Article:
The pulmonary nodule “discovered” by pneumonia: a case report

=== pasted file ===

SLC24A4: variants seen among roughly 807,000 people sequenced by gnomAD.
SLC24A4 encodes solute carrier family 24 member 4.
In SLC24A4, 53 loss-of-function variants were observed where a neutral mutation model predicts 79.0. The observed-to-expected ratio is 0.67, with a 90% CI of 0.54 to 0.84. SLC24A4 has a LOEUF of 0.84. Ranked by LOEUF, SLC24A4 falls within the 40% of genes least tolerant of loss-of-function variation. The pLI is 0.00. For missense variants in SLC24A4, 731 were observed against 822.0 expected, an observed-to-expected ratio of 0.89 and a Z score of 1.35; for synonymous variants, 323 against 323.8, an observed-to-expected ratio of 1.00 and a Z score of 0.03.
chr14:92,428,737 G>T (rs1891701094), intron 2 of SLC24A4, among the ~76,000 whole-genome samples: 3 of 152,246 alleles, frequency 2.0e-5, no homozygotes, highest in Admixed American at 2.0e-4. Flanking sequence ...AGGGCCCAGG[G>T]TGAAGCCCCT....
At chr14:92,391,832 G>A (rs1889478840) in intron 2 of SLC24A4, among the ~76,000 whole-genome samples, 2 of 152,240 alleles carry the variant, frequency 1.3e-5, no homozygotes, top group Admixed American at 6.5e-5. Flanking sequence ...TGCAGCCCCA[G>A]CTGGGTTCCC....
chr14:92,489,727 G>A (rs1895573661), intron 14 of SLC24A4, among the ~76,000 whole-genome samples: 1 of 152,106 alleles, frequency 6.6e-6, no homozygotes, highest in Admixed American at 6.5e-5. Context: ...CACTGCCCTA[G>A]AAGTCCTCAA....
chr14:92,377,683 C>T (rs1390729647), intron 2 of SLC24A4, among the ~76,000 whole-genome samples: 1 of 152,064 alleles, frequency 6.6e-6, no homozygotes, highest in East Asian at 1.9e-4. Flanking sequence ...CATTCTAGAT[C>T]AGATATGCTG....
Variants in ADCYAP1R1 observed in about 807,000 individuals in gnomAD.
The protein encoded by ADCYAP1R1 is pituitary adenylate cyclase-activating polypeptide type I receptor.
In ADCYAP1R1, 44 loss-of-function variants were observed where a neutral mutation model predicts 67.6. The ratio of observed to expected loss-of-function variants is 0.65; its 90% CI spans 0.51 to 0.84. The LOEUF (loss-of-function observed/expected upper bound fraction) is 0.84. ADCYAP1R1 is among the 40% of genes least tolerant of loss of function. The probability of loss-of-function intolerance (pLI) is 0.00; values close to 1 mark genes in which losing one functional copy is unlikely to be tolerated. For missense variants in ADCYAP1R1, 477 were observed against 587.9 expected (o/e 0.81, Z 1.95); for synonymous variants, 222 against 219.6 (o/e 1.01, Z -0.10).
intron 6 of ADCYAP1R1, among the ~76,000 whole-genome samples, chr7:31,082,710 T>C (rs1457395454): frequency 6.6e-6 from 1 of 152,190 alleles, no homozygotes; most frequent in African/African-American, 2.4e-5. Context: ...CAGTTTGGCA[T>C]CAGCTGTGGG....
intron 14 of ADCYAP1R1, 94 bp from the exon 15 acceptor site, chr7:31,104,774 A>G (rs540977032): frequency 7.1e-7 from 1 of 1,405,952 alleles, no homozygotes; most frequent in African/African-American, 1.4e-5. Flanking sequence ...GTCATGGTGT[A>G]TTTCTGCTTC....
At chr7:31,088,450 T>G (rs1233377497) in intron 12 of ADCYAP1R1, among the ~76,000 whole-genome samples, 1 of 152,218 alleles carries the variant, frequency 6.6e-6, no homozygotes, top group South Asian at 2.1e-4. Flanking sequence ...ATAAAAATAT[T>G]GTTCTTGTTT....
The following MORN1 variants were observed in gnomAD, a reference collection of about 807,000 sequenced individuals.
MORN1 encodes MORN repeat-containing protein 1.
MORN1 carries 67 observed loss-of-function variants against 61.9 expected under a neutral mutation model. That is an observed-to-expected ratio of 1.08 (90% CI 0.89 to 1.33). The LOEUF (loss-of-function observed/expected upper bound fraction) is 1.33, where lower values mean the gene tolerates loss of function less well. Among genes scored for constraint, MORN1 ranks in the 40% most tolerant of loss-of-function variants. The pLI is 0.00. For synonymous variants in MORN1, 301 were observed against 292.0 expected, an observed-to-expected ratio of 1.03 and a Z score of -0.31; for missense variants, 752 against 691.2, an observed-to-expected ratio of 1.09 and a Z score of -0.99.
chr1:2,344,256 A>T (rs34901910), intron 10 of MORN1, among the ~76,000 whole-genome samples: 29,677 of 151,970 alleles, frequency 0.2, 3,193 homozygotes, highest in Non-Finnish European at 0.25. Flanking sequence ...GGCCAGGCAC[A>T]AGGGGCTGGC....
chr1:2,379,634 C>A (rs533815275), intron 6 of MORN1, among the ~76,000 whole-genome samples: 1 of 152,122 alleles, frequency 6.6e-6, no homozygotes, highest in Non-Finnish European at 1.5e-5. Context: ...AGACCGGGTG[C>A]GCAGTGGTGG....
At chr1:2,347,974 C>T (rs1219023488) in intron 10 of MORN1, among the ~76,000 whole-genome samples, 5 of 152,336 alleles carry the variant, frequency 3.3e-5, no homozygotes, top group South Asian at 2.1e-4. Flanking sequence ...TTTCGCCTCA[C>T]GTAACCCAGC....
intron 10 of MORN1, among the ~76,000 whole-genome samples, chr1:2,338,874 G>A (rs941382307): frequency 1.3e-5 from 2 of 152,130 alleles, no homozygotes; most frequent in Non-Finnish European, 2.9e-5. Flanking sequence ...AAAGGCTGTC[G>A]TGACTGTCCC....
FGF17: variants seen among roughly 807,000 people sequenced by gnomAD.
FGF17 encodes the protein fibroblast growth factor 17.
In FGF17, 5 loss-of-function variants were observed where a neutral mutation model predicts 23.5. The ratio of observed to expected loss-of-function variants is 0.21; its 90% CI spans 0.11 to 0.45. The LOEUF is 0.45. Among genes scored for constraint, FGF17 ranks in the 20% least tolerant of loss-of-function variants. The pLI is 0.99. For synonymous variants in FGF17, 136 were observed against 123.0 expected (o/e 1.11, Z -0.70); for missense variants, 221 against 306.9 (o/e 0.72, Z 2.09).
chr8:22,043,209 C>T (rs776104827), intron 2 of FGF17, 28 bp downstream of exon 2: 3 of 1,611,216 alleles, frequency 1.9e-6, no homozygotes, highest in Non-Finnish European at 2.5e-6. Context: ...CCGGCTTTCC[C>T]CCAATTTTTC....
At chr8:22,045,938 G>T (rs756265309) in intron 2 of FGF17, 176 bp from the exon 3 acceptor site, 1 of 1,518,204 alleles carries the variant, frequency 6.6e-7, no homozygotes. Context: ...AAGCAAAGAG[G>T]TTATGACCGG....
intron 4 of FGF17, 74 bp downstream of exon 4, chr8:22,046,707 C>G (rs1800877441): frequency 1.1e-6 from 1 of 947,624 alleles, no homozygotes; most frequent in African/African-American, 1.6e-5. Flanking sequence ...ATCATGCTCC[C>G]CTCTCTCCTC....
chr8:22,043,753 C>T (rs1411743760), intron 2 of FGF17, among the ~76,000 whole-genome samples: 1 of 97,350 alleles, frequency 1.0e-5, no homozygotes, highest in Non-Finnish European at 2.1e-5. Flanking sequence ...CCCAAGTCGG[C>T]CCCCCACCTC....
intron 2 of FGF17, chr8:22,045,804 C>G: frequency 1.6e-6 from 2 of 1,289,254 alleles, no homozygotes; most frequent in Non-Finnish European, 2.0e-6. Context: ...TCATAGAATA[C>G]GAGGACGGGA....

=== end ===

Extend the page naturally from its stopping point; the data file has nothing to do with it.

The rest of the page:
The number of patients diagnosed with pulmonary nodules increased as more patients with high risk of lung cancer choose low-dose computed tomography (CT) scans for the screening of cancer. Clinicians might get two questions from the patients: what is the definite diagnosis of the nodule? What should we do? We have already got many guidelines trying to solve these problems. There are also several prediction models for pulmonary nodules. However, guidelines are not suitable for all types of patients, and the reality of patients is more complicated. Here we reported a 58-year-old man with a lung nodule in the right upper lobe, which was occasionally found during a period of pneumonia. We suggested two periods of follow-up, and the patient was also admitted to a clinical trial about circulating tumor cells (CTCs). He finally accepted surgical excision with a pathologic diagnosis of adenocarcinoma. This case suggests that: we might suggest CT surveillance for patients with solid nodules about 8 mm maximum diameter; three-dimensional reconstruction of CT scans could provide more information about the details of nodules; CTCs counts of peripheral blood could be considered as a potential clue for malignancy.